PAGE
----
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8 hours ago, billvon said:

It's sort of a thing with science deniers.  They have to curate/truncate their sources of information carefully, lest they learn.

Agree, so much for Google enlightening the world, educating the masses and lifting the ignorance of the masses. It seems odd that information and knowledge has spread so quickly about Coronavirus. Yet denial of climate change persists in certain political circles/minds.

Science only matters when it can be pigeonholed within that mindset.

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(edited)
9 hours ago, billvon said:

It's sort of a thing with science deniers.  

I don't deny anything I question it.  That is the difference between an emotional mind and a rational one.  I show that Tesla sales are down in California, Germany, Norway, the Netherlands, China and are unable to get a meaningful foothold in Japan. But your faith is strong and you can not be convinced by silly little things like facts.

Much like your faith in the GND.  No matter what facts I lay out, you continue to believe that we are on the cusp of a worldwide paradise of windmills and solar panels, or a hellscape of floods, and pestilence, brought on by the sins of man.  And much like the doomsday preacher, when that day does not arrive, you just change the dates and raise the stakes.  

Edited by brenthutch

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57 minutes ago, brenthutch said:

I don't deny anything I question it.  That is the difference between an emotional mind and a rational one.  I show that Tesla sales are down in California, Germany, Norway, the Netherlands, China and are unable to get a meaningful foothold in Japan. But your faith is strong and you can not be convinced by silly little things like facts.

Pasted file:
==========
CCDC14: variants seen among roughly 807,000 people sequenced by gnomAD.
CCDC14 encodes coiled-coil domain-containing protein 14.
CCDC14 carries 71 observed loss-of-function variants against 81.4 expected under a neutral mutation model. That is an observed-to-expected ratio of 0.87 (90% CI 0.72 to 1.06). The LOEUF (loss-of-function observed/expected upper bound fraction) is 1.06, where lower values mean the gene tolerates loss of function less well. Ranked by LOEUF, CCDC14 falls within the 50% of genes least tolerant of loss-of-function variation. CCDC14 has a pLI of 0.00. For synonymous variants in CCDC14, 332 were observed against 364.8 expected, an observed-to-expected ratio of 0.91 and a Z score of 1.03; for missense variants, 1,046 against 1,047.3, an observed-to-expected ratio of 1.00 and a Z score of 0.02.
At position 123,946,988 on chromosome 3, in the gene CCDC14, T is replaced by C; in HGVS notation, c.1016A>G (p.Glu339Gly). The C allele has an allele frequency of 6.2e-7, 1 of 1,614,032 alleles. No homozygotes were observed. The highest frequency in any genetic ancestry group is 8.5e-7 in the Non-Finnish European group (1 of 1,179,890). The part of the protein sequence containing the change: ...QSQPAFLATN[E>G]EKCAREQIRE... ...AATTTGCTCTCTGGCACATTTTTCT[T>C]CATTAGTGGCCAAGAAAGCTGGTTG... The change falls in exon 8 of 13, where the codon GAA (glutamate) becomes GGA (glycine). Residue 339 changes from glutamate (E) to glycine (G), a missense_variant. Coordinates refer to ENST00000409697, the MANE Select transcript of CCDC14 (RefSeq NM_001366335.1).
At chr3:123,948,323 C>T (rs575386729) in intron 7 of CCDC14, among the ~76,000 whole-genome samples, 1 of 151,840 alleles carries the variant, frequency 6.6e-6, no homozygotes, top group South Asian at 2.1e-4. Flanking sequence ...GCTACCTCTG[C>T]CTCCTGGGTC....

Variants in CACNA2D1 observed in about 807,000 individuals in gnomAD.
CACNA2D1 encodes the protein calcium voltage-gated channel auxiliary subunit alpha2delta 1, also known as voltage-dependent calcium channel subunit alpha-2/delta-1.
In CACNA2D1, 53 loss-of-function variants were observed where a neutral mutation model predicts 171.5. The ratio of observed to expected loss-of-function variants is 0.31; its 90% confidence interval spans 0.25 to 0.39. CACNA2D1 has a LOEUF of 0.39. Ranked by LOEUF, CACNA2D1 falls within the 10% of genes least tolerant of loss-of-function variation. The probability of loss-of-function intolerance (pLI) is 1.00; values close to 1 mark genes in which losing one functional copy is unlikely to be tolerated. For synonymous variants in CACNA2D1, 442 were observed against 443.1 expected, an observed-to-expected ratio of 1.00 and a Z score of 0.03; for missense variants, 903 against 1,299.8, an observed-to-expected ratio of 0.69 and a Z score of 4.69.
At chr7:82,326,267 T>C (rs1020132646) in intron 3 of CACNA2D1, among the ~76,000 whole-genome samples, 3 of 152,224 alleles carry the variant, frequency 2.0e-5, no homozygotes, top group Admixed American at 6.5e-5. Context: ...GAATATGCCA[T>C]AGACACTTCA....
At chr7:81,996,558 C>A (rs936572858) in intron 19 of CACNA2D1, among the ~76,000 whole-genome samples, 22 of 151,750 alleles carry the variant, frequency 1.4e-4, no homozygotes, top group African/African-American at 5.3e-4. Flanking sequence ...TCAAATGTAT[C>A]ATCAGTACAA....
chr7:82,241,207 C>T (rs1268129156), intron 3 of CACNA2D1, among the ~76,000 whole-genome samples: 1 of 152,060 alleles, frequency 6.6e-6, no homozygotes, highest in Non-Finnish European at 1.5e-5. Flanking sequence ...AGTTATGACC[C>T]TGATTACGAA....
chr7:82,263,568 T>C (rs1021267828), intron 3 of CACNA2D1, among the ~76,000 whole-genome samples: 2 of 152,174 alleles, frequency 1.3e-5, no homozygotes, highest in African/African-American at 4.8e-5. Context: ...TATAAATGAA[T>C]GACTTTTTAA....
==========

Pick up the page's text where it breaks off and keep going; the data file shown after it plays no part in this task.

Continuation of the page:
Much like your faith in the GND.  No matter what facts I lay out, you continue to believe that we are on the cusp of a worldwide paradise of windmills and solar panels, or a hellscape of floods, and pestilence, brought on by the sins of man.  And much like the doomsday preacher, when that day does not arrive, you just change the dates and raise the stakes.  

You have an unyielding propensity to cherry pick your facts to fit your prejudiced beliefs.

Norway:"The Norwegian government is taking some big steps on climate, but it still has a way to go.

In June, its Parliament voted to extend divestment policies that will see its huge Government Pension Fund not only phase out investments in companies dealing with oil and gas exploration and production, but also divest from eight coal companies. The policies include a ban on the Fund investing in any company generating more than 10GW of electricity from coal - or mining more than 20 million tonnes of coal annually. Some of the resources will instead be invested in unlisted renewable energy projects.

Norway also continues to lead the world with its record share of electric cars: in the first half of 2019 the share of electrically-charged vehicles sold in the country increased to 56%. However, the overall figure is still at around 8% of all cars.

Norway’s long term, 2050 goal of becoming a “low carbon society” has been engrained in legislation in 2017, described as a 80-95% reduction below 1990 levels. In a January 2019 declaration, the government signalled its plans to increase this goal to a 90-95% emissions reduction, but failed to clarify how much of this it would achieve domestically."